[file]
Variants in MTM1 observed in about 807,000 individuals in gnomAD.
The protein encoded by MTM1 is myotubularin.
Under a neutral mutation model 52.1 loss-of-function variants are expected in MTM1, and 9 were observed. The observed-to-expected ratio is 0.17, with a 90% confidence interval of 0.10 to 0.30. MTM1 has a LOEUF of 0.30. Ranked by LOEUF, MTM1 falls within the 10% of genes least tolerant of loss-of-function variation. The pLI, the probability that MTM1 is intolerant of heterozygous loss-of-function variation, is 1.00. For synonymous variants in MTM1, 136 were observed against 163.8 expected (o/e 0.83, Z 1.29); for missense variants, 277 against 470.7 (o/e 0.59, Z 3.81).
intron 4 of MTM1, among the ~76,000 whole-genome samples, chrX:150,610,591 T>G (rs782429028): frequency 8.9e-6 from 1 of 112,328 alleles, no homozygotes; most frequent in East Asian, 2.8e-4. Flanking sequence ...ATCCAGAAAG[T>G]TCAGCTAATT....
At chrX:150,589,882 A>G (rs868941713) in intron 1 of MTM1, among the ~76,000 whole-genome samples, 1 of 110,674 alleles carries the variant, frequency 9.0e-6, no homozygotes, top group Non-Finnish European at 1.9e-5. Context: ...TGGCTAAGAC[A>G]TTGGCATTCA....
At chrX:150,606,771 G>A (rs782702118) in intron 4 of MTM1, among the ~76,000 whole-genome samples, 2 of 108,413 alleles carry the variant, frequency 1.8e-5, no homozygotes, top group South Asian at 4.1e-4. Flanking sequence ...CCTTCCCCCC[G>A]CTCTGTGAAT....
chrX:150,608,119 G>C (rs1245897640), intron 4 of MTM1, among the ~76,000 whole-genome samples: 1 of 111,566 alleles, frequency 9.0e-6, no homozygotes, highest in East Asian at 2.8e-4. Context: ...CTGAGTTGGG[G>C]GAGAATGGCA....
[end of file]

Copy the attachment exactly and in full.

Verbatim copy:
Variants in MTM1 observed in about 807,000 individuals in gnomAD.
The protein encoded by MTM1 is myotubularin.
Under a neutral mutation model 52.1 loss-of-function variants are expected in MTM1, and 9 were observed. The observed-to-expected ratio is 0.17, with a 90% confidence interval of 0.10 to 0.30. MTM1 has a LOEUF of 0.30. Ranked by LOEUF, MTM1 falls within the 10% of genes least tolerant of loss-of-function variation. The pLI, the probability that MTM1 is intolerant of heterozygous loss-of-function variation, is 1.00. For synonymous variants in MTM1, 136 were observed against 163.8 expected (o/e 0.83, Z 1.29); for missense variants, 277 against 470.7 (o/e 0.59, Z 3.81).
intron 4 of MTM1, among the ~76,000 whole-genome samples, chrX:150,610,591 T>G (rs782429028): frequency 8.9e-6 from 1 of 112,328 alleles, no homozygotes; most frequent in East Asian, 2.8e-4. Flanking sequence ...ATCCAGAAAG[T>G]TCAGCTAATT....
At chrX:150,589,882 A>G (rs868941713) in intron 1 of MTM1, among the ~76,000 whole-genome samples, 1 of 110,674 alleles carries the variant, frequency 9.0e-6, no homozygotes, top group Non-Finnish European at 1.9e-5. Context: ...TGGCTAAGAC[A>G]TTGGCATTCA....
At chrX:150,606,771 G>A (rs782702118) in intron 4 of MTM1, among the ~76,000 whole-genome samples, 2 of 108,413 alleles carry the variant, frequency 1.8e-5, no homozygotes, top group South Asian at 4.1e-4. Flanking sequence ...CCTTCCCCCC[G>A]CTCTGTGAAT....
chrX:150,608,119 G>C (rs1245897640), intron 4 of MTM1, among the ~76,000 whole-genome samples: 1 of 111,566 alleles, frequency 9.0e-6, no homozygotes, highest in East Asian at 2.8e-4. Context: ...CTGAGTTGGG[G>C]GAGAATGGCA....